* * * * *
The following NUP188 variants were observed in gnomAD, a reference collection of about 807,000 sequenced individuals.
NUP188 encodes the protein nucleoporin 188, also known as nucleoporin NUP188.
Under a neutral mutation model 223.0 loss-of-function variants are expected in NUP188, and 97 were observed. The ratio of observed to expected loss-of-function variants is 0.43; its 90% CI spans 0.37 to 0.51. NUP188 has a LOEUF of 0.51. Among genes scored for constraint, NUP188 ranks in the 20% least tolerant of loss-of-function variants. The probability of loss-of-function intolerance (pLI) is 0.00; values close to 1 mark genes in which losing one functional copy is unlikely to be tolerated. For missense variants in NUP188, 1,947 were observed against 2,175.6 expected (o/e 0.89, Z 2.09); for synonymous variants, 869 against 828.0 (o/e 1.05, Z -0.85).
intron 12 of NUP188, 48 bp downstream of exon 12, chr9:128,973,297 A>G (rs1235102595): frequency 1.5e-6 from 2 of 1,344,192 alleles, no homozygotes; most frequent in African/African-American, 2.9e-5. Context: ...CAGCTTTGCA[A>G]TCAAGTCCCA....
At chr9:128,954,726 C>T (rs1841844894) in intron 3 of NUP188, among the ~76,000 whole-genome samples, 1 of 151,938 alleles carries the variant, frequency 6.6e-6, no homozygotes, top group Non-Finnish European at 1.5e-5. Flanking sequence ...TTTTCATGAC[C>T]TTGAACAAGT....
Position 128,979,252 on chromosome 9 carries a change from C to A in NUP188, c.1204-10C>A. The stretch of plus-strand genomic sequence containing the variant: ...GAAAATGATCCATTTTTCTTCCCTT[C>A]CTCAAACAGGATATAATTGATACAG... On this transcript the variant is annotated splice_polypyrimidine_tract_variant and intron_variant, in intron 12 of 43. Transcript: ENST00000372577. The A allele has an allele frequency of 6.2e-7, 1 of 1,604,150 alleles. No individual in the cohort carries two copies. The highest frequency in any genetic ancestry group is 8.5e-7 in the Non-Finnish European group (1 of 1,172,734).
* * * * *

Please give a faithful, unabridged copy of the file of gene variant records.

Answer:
The following NUP188 variants were observed in gnomAD, a reference collection of about 807,000 sequenced individuals.
NUP188 encodes the protein nucleoporin 188, also known as nucleoporin NUP188.
Under a neutral mutation model 223.0 loss-of-function variants are expected in NUP188, and 97 were observed. The ratio of observed to expected loss-of-function variants is 0.43; its 90% CI spans 0.37 to 0.51. NUP188 has a LOEUF of 0.51. Among genes scored for constraint, NUP188 ranks in the 20% least tolerant of loss-of-function variants. The probability of loss-of-function intolerance (pLI) is 0.00; values close to 1 mark genes in which losing one functional copy is unlikely to be tolerated. For missense variants in NUP188, 1,947 were observed against 2,175.6 expected (o/e 0.89, Z 2.09); for synonymous variants, 869 against 828.0 (o/e 1.05, Z -0.85).
intron 12 of NUP188, 48 bp downstream of exon 12, chr9:128,973,297 A>G (rs1235102595): frequency 1.5e-6 from 2 of 1,344,192 alleles, no homozygotes; most frequent in African/African-American, 2.9e-5. Context: ...CAGCTTTGCA[A>G]TCAAGTCCCA....
At chr9:128,954,726 C>T (rs1841844894) in intron 3 of NUP188, among the ~76,000 whole-genome samples, 1 of 151,938 alleles carries the variant, frequency 6.6e-6, no homozygotes, top group Non-Finnish European at 1.5e-5. Flanking sequence ...TTTTCATGAC[C>T]TTGAACAAGT....
Position 128,979,252 on chromosome 9 carries a change from C to A in NUP188, c.1204-10C>A. The stretch of plus-strand genomic sequence containing the variant: ...GAAAATGATCCATTTTTCTTCCCTT[C>A]CTCAAACAGGATATAATTGATACAG... On this transcript the variant is annotated splice_polypyrimidine_tract_variant and intron_variant, in intron 12 of 43. Transcript: ENST00000372577. The A allele has an allele frequency of 6.2e-7, 1 of 1,604,150 alleles. No individual in the cohort carries two copies. The highest frequency in any genetic ancestry group is 8.5e-7 in the Non-Finnish European group (1 of 1,172,734).